Investigating Extended Linker Analogues of Risperidone for Treatment of Multiple Sclerosis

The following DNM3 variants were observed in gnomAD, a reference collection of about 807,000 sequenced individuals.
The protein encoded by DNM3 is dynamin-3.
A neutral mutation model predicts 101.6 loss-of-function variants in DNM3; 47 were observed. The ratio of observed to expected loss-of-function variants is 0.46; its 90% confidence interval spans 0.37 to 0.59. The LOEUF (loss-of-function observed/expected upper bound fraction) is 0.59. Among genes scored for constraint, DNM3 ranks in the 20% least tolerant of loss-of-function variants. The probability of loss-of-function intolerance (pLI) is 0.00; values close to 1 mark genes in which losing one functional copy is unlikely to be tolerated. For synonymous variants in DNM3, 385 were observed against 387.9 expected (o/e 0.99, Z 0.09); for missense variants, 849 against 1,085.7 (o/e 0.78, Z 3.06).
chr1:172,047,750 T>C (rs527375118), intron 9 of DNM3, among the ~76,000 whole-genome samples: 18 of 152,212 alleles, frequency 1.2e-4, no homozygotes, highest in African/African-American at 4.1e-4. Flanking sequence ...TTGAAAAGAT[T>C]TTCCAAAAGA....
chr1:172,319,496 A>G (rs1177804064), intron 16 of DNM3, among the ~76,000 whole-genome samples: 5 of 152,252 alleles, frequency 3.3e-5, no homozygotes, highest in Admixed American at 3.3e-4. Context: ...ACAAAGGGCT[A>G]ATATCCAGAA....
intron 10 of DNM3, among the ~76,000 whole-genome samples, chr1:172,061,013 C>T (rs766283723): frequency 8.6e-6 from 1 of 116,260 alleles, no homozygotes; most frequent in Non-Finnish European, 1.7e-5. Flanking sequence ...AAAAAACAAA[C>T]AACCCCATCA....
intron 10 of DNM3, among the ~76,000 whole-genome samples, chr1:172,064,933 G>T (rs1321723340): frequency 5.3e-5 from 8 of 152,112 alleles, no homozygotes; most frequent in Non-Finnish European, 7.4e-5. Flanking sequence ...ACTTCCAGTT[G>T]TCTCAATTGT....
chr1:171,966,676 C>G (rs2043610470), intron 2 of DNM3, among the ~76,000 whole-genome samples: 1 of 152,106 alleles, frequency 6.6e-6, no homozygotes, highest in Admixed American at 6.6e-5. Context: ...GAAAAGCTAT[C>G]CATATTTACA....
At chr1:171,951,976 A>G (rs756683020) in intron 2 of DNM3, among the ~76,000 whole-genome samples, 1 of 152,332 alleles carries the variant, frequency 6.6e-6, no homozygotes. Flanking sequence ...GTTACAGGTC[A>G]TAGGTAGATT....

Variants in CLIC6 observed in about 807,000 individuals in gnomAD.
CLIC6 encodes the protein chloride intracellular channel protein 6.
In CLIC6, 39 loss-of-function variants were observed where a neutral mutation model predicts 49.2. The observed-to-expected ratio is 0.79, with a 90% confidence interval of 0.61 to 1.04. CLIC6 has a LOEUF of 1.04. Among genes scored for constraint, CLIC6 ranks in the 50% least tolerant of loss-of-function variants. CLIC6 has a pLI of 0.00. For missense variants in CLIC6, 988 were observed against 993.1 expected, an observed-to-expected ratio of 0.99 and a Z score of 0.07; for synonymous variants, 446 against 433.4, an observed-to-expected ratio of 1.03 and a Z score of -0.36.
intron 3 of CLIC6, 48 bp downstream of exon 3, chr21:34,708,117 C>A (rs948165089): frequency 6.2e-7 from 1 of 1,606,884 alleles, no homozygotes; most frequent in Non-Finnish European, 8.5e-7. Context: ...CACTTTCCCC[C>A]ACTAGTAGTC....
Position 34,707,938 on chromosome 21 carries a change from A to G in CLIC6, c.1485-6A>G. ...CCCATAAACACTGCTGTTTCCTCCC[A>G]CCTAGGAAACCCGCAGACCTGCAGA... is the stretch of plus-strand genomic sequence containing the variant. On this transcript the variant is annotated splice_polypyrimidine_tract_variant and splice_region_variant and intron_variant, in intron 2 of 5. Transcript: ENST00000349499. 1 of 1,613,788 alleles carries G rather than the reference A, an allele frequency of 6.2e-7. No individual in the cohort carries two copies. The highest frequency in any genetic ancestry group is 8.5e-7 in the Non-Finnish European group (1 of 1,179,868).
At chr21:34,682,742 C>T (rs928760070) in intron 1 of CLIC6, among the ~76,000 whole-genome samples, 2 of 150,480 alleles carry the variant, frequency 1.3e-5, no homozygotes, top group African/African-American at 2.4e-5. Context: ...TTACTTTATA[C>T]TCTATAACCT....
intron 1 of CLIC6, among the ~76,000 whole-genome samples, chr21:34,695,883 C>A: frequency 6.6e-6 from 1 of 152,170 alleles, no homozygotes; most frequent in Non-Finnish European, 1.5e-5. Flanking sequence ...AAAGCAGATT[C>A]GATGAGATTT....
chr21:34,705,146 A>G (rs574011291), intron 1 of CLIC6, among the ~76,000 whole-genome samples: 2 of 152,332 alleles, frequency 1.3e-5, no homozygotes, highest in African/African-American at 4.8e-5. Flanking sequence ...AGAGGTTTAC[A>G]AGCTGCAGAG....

Risperidone is a second-generation antipsychotic used to treat psychiatric disorders such as schizophrenia, bipolar disorder and autism. It targets dopamine D2 and serotonin 5-HT2A receptors and has immunomodulatory properties. Multiple sclerosis is a chronic inflammatory disease that affects over 2 million people worldwide and currently has no cure. Recent research at Victoria University of Wellington has shown that risperidone is able to reduce disease severity in mouse models of multiple sclerosis. Further research has demonstrated that truncated and unsaturated analogues of risperidone have varying immunomodulatory effects in immune cells. The current research describes the synthesis and preliminary in vitro testing of four extended-linker analogues of risperidone. Structure-activity relationship studies with neurotropic drugs have shown that altering the length of the alkyl chain found in many of these compounds can have significant effects on receptor binding profiles. Synthesis and cytokine production assays of these analogues begin to provide further insight into how risperidone exerts its immunomodulatory effects and may contribute to the development of new treatments for multiple sclerosis.